Saturday, April 15, 2006

Layers of Meaning

Jeffery at Ubatuber Productions (http://ubatuberproductions.blogspot.com/) asked a great question: "How much has the story changed for you over the years, in your mind or on paper?"

The answer in this bizarre case of a story emerging over such a lengthy period is that it came out of me and my psyche deeply all at once but it gathered context and detail as time went on. It's become a multi-leveled exercise in an art form I dearly love, stop motion, and a genre I most respond to, the folktale, along with idiosyncratic purposes on the way.

Halfland was all "there" in one go when I was given the chance to create the project, in a way. What I mean by that is that when they said to the craftspersons; "ok, now you can use this space to work on your own project." Halfland burst out of my mind's eye because I had just been immersed in the single most creatively stimulating environment of my life. I had just somehow managed (through begging and coercion) to spend several months working building props and literally giant theatrical puppets for THE most rapturously gorgeous production I could ever imagine could exist. It was Julie Taymor and Micheal Curry's Oedipus Rex for the 1992 Saito Kinen Festival in Japan (http://www.deccaclassics.com/music/dvd/0743077.html). Pure Genius. (Ask me about why sometime.)

I'm certain that this, my initial exposure to Ms. Taymor's immense creative vision, and technical director Micheal Curry's creativity with mechanisms and castings, affected my own sense of what could be done with art. Inspired and influenced by her earthy, beautiful, meaningful theater production direction, I first imagined a plain mermaid coming to life through puppetry on a real beach. I saw her turn to the camera and exhale a kind of "tone" that transported the viewer to her realms. I saw an old heavyset goat woman preparing food in a wonderful rustic cottage in a forest, I saw a lithe young male hunter with moth wings laughing, I saw a dark wounded crow woman who represented all the negative feelings I'd known. Each character being partly human, partly animal. It was only about 9 years later that I considered that the characters could in fact be aspects of my own psyche. The project then became a kind of healing art that was somehow working on sub and unconscious symbols in me, that what was continuing to compel me to work on it was beyond it being a pleasing folktale film.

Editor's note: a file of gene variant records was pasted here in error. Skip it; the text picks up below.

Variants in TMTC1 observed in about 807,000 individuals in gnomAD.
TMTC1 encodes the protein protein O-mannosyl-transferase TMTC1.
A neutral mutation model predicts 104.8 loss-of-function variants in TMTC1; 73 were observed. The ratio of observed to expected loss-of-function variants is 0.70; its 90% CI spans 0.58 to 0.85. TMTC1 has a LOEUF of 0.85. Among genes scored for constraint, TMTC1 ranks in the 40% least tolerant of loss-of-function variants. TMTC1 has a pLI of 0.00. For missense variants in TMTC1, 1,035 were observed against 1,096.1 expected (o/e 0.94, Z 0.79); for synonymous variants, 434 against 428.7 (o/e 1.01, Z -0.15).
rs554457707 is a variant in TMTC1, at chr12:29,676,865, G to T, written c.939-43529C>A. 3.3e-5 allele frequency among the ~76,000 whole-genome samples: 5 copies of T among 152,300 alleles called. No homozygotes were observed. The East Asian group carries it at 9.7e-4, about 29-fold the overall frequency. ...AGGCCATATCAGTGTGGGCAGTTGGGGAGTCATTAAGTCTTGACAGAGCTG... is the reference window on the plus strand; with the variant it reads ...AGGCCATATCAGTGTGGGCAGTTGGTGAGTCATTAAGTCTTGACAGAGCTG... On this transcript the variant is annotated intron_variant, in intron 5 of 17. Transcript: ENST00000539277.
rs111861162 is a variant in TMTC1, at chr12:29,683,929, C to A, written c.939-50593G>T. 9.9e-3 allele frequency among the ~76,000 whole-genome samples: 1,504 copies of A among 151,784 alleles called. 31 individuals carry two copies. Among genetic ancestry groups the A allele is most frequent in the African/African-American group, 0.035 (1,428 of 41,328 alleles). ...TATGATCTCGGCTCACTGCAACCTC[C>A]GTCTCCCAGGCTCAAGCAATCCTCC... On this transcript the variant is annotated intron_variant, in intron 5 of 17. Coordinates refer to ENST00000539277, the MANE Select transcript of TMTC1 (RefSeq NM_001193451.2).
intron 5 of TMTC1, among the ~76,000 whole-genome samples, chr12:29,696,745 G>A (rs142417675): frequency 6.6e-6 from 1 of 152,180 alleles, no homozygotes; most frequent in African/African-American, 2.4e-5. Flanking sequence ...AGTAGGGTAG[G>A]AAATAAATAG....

I never had a finalized narrative for Halfland all these years until I wrote one in this journal. I just had moments of life in Halfland, vignettes of little beings and actions. The story elements were built through many years of ideas and characters popping up in my life and mind that "fit" Halfland. I would get very enthused inside and write down dozens of new Halfland ideas on scraps of paper until I had these 13 supporting cast of background characters to the main four. Why these beings? Why these 13 little symbolic moments? Why such a simple unimaginative name for it like Halfland? I never understood consciously but I knew what was a part of it when I saw it.

Maybe you have this happen to you as well. Maybe you're out in the world living and you see, or think you see, something that isn't what you thought, but it's intriguing. For example, I once caught glimpse of something dangling down from a woman's ear that looked to me to be a spider suspended on a thread of web. I looked again more closely to see that it was only a normal earring but that was enough for me to have the Decorative Spider idea and figure out where it might fit in the 1/2 Land scheme and to apply it to one of the characters--Boom, Rana will walk through a web on door frame and her movement through it causes her spider and other insect jewelry to be layered onto her. This same process happened for each item; the Time Frog, the Snoring Cat, Birds in Hats, etc. Each idea has it's own meaning and story behind it. Often too, the Halfland items can be puns that tickle my mind, like the Knitting Beetles (instead of Knitting needles, they're beetles that actually knit, that sort of thing.) No real purpose per se but these are part of this film and there's no wavering about that.

I'm in the "making it real" stages which seems to be bringing yet another 1,000 layers of, this time technical, detail to getting this done. I don't think I would want to go through the work involved in bringing a story to life without it holding some highly significant substance for me personally.

3 comments:

  1. This post is one of the most inspiring things I've ever read! I'm so glad to know you Shelley, and to be here, able to see Halfland emerging dripping and shaky-legged from your unconscious. I'll paste in a quote from Jean Setheaux, who you remember contacted me in the early days of my own blog - this is from his Notes From the Underground:

    So much work done today boils down to technical "tricks," or technological prowess. So few of the works we see in animation today stem from one's inner core, and seldom find/manifest (as in "make visible") one's 'little music'."

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  2. Sorry, that should say Jean Detheaux

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  3. Wow, that's it precisely, Darkstrider. Thank you for that, both the true analogy of Halfland as newborn colt and the quote by Detheaux. If I ever heard that quote from your early blog, I'd forgotten it completely, at least consciously.

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